Our territorial leaders, Commissioners Janine and Robert Donaldson, have reminded us that “we are called to bring light to the disparity we see today”. These disparities are a result of the prolonged injustices of colonisation – dispossession, exploitation and violence that started at first contact. They are structural and all-pervasive.
The truth regarding Australia’s First Nations people stares us in the face today, according to the Australian Government’s recent Closing the Gap report, which considers their life expectancy, unemployment, homelessness, youth incarceration and suicide. The findings provide evidence of generational trauma (see graphic).
As a new Australian citizen, I long for us all, as followers of Jesus Christ, to develop our capacity to engage more constructively in matters of race and reconciliation. If we don’t know our history, if we cannot trace the past into the present, then we cannot explain current conditions in ways that are transformative.
Just as the racial problems in the US are not a black problem to fix, so is the story of Indigenous disenfranchisement part of our shared history in Australia. It requires all of us to thoughtfully reflect and take active steps to live out the commission to not only ‘love the Lord my God’ but also to ‘love my neighbour as myself’.
In 2 Corinthians 5:18, Paul tells us that God has given to the Church the ministry of reconciliation. He calls us “Christ’s ambassadors” to share the message of reconciliation. In Christ, we were reconciled to God and now we have the call to witness to those who are not yet reconciled to God through the Cross.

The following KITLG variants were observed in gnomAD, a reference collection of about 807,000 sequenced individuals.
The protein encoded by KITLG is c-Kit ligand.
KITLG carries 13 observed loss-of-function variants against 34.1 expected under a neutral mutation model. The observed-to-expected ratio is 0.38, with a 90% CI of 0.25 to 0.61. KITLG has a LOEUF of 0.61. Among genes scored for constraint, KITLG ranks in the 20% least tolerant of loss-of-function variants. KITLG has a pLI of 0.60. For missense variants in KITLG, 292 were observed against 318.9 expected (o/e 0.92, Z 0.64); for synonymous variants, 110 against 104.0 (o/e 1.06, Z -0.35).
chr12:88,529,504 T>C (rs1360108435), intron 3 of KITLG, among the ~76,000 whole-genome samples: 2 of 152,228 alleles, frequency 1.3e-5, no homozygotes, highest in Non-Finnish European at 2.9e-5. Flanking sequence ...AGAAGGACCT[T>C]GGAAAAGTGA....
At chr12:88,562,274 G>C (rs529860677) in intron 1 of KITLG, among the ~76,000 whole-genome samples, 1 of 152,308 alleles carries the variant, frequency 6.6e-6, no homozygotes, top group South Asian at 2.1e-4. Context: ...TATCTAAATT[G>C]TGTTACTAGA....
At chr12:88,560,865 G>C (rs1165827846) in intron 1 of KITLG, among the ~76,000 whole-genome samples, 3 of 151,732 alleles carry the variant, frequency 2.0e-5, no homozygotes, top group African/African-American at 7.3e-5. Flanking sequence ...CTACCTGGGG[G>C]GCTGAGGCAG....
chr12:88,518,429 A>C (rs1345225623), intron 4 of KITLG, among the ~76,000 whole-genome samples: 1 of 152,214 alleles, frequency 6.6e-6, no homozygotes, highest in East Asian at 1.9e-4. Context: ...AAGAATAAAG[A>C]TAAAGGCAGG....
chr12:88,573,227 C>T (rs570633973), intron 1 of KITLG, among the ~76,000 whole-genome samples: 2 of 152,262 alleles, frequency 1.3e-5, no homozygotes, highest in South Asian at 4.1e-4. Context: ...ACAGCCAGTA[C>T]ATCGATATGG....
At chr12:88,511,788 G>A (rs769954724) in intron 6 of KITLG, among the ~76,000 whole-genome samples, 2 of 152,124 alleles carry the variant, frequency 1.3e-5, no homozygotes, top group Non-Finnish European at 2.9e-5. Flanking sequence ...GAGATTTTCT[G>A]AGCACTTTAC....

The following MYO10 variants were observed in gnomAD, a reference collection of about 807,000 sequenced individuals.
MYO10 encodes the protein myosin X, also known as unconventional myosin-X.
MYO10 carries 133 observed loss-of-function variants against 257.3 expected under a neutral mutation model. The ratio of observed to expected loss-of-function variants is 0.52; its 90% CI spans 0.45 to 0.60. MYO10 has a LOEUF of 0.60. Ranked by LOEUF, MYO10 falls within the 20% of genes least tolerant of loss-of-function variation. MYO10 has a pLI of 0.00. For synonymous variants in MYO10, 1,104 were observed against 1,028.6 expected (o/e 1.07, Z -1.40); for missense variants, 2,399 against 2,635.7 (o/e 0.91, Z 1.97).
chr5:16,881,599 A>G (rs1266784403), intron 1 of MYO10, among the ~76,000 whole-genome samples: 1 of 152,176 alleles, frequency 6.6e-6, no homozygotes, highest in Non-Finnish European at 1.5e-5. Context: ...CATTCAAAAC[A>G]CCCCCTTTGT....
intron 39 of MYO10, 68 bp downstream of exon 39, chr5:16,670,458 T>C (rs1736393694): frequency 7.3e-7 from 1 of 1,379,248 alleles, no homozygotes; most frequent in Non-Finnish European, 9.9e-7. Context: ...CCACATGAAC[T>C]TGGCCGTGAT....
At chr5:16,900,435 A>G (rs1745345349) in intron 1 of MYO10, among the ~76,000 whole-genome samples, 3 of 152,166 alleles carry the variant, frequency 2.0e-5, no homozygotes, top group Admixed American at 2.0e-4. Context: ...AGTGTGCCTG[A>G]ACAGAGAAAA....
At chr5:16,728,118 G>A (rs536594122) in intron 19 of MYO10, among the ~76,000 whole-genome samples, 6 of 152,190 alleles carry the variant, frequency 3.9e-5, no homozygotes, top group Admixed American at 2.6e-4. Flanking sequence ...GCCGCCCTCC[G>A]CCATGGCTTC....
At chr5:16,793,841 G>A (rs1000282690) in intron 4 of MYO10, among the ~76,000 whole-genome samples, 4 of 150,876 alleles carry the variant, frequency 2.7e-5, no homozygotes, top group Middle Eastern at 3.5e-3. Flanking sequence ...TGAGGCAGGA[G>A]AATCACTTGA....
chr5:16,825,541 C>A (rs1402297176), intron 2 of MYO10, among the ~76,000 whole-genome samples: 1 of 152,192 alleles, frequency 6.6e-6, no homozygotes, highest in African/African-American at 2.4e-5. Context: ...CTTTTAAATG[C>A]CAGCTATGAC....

It’s not a pleasant or comfortable topic. But we cannot recite our vision statement, “Wherever there is hardship or injustice ...” and then be selective about what matters of justice we want to address. Jesus calls us to address all injustices experienced by the whosoever.
These are acts of truth and reconciliation worth considering:
Equity not equality. We want more than equality, or something different. It’s equity and others ensuring they see through an equity lens – youth equity lens, disability equity lens, racial equity lens; a racial equity lens like that depicted in the graphic (see right).
Embrace the truth-telling happening around the world. It needs to be true in Australia, too. The Salvation Army, as part of its National Reconciliation Action Plan, ran yarning circles and invited everyone to be part of non-threatening, judgment-free authentic listening and sharing.
Be part of the solution. Build a bridge with someone different than you. Have a meal, a coffee, a chat with someone from a different culture and ethnicity. Let’s continue the conversation and continue to reflect deeply on how we can respect our rights and the rights of others involved in our interactions. Let’s build rapport, let’s ask open questions. And may through our questions seek to develop our understanding and not just to show interest.
Righteously protest unrighteousness with truth, love, grace and clarity. The Salvation Army has put its collective hand up to say it will live, love and fight alongside others and speak up against injustice. As a result of having the renewed mind of Romans 12:2, we speak up. Instead of inaction and avoidance, we speak up, because our silence actually speaks volumes.
These are challenging times. Let us learn from our experiences so that we don’t have to repeat them. God is at work in the world and we must partner with what he is doing.
I cannot help but reflect on the protests I was involved in during the apartheid era in South Africa. I cannot help but wonder if anything would have changed if we did not protest. But then I am reminded of the example of Jesus who stood on the side of the marginalised ... and I remember that I’m in good company.